BANGKOK (eTN) – This is a sad story about a beautiful Khmer temple from the 11th century perched on a plateau, which dominates a valley. With Angkor temples complex, Wat Pho in Southern Laos, as well as Phimai and Phnom Rung in Thailand, the temple belongs to the most beautiful sites from the once-mighty Khmer empire. But instead of remaining a symbol of peace and serenity, Preah Vihar temple is, for more than century, an object of dispute between Cambodia and Thailand.
The quarrel dates back exactly from 1904, when both Siam and the French colonial authorities ruling Cambodia formed a joint commission to demarcate their mutual border. By then, Preah Vihar went to the French with the Siamese government acknowledging the new border. It was later again contested by Thailand until a ruling from the International Court of Justice determined in 1962 that the temple was effectively on Cambodian territory. However, a 4.2 square kilometer piece of land surrounding the temple belongs to Thailand, restricting, in part, access to the temple.
The registration of Preah Vihar on the UNESCO World Heritage List has not helped. Yje temple has turned into a nationalist issue. In Cambodia, Prime Minister Hun Sen has used the Preah Vihar temple as a means to stir up national fervor. In Thailand, the Abhisit Vejjajiva government is prisoner of conservative nationalist movements, which are actively supported by the “Yellow Shirts” political group. Despite speeches announcing to look for a solution, both governments will not bow and retrocede an inch of their claimed sovereignty over the temple location and its surroundings.
Since the UNESCO inclusion in 2008, incidents and casualties involving both Cambodian and Thai armies have multiplied. Thailand has vowed to block a UNESCO plan to restore the temple, as it would eventually encroach into the infamous 4.2 square kilometers of Thai territory. Cambodia has been prompt to raise Cambodian flags everywhere including on Thailand’s side. Military clashes have followed with the most violent happening over the last four days. According to the Bangkok Post, casualties between both armies claimed already the life of at least 5 Cambodian soldiers, while on Sunday night, 15 Thai soldiers and two villagers were wounded.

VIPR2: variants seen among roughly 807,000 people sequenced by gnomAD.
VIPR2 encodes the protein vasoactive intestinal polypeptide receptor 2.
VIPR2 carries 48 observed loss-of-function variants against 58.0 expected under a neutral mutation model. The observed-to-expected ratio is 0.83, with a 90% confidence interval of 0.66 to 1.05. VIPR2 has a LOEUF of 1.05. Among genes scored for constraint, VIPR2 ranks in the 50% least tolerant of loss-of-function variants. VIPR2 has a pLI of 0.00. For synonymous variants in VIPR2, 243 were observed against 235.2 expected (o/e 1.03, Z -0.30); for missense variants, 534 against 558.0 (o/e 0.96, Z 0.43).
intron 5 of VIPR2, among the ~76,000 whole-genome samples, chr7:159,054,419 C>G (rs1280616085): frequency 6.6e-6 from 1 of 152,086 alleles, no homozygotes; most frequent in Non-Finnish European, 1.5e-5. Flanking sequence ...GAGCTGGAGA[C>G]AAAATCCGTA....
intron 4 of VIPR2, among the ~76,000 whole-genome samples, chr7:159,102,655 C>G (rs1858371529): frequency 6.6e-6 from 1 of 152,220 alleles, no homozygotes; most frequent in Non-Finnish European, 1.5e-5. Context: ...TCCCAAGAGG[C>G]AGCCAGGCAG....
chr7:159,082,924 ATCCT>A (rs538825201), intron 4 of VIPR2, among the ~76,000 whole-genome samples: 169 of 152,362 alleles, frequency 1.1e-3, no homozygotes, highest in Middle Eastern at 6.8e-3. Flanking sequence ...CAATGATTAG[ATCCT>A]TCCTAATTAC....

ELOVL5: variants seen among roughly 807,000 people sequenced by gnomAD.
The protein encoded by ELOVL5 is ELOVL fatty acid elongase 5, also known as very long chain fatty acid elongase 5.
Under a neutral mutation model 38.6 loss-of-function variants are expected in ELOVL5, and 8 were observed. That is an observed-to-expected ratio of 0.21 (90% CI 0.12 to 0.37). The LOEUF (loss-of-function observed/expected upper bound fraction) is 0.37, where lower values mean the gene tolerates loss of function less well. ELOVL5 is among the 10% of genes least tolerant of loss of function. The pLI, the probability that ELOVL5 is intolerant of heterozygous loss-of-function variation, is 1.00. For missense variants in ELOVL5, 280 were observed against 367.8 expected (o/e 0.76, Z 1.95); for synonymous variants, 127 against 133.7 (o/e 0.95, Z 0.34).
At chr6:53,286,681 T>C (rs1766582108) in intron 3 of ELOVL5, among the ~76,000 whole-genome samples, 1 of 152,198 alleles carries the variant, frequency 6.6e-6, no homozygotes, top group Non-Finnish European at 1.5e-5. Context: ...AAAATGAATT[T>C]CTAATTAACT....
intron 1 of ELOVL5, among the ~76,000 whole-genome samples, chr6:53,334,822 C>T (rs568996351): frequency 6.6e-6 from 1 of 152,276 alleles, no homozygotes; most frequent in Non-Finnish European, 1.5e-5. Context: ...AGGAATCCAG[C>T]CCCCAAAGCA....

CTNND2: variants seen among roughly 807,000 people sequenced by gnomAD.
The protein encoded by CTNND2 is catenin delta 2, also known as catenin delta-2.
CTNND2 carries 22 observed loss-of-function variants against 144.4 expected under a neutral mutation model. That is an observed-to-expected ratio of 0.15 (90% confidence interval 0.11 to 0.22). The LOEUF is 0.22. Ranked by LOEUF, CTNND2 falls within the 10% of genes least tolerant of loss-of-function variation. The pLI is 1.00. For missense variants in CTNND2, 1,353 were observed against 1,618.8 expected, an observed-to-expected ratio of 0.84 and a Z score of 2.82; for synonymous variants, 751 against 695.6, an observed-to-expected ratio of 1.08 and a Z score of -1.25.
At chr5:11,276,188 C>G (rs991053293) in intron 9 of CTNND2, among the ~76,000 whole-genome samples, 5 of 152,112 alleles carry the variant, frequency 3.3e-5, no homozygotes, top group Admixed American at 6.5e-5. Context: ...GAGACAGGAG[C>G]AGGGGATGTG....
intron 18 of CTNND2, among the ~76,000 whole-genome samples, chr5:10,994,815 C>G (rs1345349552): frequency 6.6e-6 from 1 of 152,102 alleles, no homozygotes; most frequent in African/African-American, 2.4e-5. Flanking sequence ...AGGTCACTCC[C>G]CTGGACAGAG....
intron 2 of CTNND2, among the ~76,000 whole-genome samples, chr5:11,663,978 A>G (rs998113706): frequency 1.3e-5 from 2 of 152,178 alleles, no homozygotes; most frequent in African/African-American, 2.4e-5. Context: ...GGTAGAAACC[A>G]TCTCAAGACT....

Not only lives are lost over the temple issue. Cambodia announced on Monday that a wing of the sacred, unique architectural complex has been destroyed by Thai artillery shooting. Another damaging consequence is the permanent suspicion among Cambodians and Thais. Boh people never liked each other, but the Preah Vihar issue is adding fuel to the flames. Mistrust takes now its toll on behavior on both sides of the border. Talking to Cambodian artist Em Riem about a visit to Bangkok on his way to a show in Paris, he replied that he feared being arrested if leaving the airport’s international perimeter. And some Thai students admitted to feeling angry and insecure, if they would go to Cambodia. It will be a hard task to build up a sense of community among Southeast Asians, as is wanted by ASEAN officials.